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HIS RIG’S ON THE PAYROLL. Farrier Michael Joshua of Denver, Colo., stresses running a shoeing business on sound business principles. He says that means making sure you’re paid for your travel and rig expenses.
With fuel prices rising, it’s not surprising if you feel like crying when you start your shoeing rig every morning. When it’s costing you so much to run, it’s difficult to think of your rig as a friend.
So maybe you’d better think of it as an employee.
Mike Joshua, a certified journeyman farrier from Denver, Colo., started looking at his shoeing rig that way several years ago – when fuel prices were comparably reasonable.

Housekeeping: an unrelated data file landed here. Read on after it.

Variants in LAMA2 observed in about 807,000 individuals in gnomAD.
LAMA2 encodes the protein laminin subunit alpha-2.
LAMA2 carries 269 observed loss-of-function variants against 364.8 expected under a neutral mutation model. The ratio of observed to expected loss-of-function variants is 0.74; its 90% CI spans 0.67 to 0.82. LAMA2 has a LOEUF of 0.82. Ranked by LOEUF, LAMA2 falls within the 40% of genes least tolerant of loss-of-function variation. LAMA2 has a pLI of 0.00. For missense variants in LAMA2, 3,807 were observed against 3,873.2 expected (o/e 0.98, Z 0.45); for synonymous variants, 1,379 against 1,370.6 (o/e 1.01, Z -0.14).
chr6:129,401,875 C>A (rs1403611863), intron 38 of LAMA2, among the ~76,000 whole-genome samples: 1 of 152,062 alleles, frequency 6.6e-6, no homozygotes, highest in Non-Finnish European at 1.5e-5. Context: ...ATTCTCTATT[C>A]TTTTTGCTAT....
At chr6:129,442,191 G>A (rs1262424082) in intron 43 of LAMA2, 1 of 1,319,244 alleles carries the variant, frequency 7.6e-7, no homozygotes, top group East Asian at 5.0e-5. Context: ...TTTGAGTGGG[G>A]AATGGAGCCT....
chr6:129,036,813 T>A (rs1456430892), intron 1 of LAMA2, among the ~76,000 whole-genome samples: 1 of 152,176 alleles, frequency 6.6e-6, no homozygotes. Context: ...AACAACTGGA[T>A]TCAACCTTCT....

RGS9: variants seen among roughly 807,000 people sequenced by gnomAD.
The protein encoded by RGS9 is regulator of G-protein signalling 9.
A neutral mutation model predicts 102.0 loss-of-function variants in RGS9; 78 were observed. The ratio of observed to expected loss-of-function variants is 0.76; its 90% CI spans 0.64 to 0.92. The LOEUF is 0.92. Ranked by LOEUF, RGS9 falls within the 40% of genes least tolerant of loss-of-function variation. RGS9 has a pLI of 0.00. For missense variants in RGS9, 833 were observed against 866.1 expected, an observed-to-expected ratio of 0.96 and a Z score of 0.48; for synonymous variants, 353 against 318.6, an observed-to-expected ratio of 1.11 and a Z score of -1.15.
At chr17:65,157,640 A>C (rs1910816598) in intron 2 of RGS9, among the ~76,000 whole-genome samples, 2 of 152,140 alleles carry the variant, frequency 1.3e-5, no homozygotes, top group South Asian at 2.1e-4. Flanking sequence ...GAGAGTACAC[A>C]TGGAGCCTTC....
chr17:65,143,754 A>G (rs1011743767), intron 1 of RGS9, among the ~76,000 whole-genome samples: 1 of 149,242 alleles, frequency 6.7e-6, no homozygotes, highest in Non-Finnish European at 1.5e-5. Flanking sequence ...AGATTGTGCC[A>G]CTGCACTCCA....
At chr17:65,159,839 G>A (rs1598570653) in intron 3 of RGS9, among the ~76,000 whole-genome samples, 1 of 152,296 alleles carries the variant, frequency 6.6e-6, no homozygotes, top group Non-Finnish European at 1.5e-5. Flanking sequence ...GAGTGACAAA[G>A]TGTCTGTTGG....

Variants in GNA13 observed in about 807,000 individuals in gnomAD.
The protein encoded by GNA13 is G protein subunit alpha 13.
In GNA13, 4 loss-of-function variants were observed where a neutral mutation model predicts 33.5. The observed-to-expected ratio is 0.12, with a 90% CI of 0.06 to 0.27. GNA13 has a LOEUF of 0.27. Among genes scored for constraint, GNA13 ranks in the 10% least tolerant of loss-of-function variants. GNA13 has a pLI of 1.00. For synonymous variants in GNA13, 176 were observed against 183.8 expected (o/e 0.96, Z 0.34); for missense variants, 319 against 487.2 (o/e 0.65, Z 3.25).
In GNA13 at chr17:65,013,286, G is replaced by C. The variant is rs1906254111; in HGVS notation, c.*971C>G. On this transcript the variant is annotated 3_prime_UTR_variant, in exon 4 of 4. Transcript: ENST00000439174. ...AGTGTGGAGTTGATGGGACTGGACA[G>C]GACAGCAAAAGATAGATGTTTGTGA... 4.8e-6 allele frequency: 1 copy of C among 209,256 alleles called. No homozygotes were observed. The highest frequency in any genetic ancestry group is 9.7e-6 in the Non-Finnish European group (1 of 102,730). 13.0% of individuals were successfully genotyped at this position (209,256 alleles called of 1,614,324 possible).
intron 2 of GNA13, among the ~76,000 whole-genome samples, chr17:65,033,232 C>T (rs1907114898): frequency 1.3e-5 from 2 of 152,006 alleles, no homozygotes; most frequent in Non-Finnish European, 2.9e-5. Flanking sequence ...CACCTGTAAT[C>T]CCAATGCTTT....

“My truck was costing me $7,000 a year,” he told farriers during a presentation at the American Farrier’s Association convention in Chattanooga, Tenn. “I decided to start thinking of my truck as an employee of my business. That means it has to be revenue producing.”
Joshua began charging travel expenses. It’s a move that a lot of farriers say they would like to do, but don’t because of fears of a client backlash. Just 22 percent of respondents in the 2004 Farrier Business Practices Survey charged travel fees, despite driving an average of 465 miles a week.
But Joshua says he had few complaints with his new policy.
“I got more flack from my peers than I did from my clients,” he says.
Joshua set up a truck revenue account and found that charging for travel time…